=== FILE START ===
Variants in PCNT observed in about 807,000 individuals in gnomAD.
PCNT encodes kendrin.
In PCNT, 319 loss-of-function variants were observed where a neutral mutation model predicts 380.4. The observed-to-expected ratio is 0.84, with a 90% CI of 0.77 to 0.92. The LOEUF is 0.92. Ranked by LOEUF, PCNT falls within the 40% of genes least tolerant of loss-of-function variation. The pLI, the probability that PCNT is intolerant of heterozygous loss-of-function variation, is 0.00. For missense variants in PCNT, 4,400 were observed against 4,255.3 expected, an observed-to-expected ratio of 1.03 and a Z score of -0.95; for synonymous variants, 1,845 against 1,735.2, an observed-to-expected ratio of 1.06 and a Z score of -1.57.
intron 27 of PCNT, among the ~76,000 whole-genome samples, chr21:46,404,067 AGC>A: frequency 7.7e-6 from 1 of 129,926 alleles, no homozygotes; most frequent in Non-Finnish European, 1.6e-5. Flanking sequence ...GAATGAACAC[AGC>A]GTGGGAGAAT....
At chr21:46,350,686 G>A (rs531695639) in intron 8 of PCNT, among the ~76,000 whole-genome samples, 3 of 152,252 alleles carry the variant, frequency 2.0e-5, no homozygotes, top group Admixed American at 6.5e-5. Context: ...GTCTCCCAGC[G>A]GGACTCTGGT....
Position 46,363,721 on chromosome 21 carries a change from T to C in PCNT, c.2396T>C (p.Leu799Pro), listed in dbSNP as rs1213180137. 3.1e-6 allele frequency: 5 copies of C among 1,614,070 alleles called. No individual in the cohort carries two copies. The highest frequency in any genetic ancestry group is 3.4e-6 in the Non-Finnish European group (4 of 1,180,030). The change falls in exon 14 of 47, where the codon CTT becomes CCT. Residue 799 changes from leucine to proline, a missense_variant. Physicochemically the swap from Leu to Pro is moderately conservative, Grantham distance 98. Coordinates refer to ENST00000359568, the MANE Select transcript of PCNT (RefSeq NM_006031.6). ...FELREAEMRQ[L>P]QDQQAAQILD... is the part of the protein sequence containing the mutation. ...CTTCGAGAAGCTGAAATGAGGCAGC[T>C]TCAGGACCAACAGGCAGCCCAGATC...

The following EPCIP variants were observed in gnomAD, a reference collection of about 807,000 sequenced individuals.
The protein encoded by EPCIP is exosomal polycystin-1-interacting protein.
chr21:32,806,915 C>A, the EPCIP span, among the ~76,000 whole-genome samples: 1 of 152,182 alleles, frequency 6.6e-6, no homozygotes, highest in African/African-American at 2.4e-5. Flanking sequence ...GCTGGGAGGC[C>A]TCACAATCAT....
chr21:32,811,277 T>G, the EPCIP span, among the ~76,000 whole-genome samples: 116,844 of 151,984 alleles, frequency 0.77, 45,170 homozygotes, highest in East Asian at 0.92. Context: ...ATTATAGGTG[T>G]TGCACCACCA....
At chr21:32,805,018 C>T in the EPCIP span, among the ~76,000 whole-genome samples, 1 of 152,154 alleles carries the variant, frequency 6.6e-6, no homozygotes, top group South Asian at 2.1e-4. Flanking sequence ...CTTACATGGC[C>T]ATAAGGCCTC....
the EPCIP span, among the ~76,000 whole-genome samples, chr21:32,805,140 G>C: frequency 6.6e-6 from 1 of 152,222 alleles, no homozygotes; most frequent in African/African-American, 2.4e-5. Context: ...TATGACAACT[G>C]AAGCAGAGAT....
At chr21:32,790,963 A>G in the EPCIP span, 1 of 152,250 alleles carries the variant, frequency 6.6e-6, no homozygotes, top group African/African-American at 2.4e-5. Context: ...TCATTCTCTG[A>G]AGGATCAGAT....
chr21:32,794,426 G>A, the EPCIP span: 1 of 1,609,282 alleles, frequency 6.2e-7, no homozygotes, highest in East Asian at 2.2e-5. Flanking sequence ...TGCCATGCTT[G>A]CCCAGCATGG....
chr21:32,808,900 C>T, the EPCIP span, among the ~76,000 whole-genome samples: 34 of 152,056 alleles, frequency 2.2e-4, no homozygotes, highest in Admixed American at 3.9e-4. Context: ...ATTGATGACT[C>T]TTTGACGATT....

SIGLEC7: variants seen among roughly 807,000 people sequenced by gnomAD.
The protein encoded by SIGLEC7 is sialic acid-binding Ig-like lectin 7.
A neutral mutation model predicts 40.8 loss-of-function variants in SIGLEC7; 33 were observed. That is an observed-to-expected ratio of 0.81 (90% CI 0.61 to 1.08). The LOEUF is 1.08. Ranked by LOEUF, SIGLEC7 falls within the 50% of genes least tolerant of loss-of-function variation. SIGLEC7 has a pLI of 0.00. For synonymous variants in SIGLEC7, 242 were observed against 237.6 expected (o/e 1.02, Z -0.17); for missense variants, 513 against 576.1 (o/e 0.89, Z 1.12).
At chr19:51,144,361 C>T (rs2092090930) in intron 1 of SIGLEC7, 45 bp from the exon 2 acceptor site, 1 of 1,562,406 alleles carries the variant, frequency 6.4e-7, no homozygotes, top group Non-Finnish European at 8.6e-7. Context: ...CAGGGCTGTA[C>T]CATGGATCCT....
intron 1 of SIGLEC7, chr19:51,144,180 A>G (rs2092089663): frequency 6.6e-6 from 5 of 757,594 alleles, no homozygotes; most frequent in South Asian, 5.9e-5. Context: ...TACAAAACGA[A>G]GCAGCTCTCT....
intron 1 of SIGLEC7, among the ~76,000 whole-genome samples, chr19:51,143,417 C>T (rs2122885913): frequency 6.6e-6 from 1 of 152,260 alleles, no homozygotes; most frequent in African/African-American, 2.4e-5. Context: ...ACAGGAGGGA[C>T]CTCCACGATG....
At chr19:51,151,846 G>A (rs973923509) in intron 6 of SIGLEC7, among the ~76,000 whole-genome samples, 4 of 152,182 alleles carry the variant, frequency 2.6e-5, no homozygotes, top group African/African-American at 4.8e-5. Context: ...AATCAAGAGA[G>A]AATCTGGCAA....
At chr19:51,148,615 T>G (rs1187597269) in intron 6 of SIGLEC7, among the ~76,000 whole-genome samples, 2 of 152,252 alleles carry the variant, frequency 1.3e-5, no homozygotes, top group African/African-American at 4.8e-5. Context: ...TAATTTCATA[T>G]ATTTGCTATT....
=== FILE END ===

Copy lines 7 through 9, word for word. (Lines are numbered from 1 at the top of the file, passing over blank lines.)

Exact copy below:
The following EPCIP variants were observed in gnomAD, a reference collection of about 807,000 sequenced individuals.
The protein encoded by EPCIP is exosomal polycystin-1-interacting protein.
chr21:32,806,915 C>A, the EPCIP span, among the ~76,000 whole-genome samples: 1 of 152,182 alleles, frequency 6.6e-6, no homozygotes, highest in African/African-American at 2.4e-5. Flanking sequence ...GCTGGGAGGC[C>A]TCACAATCAT....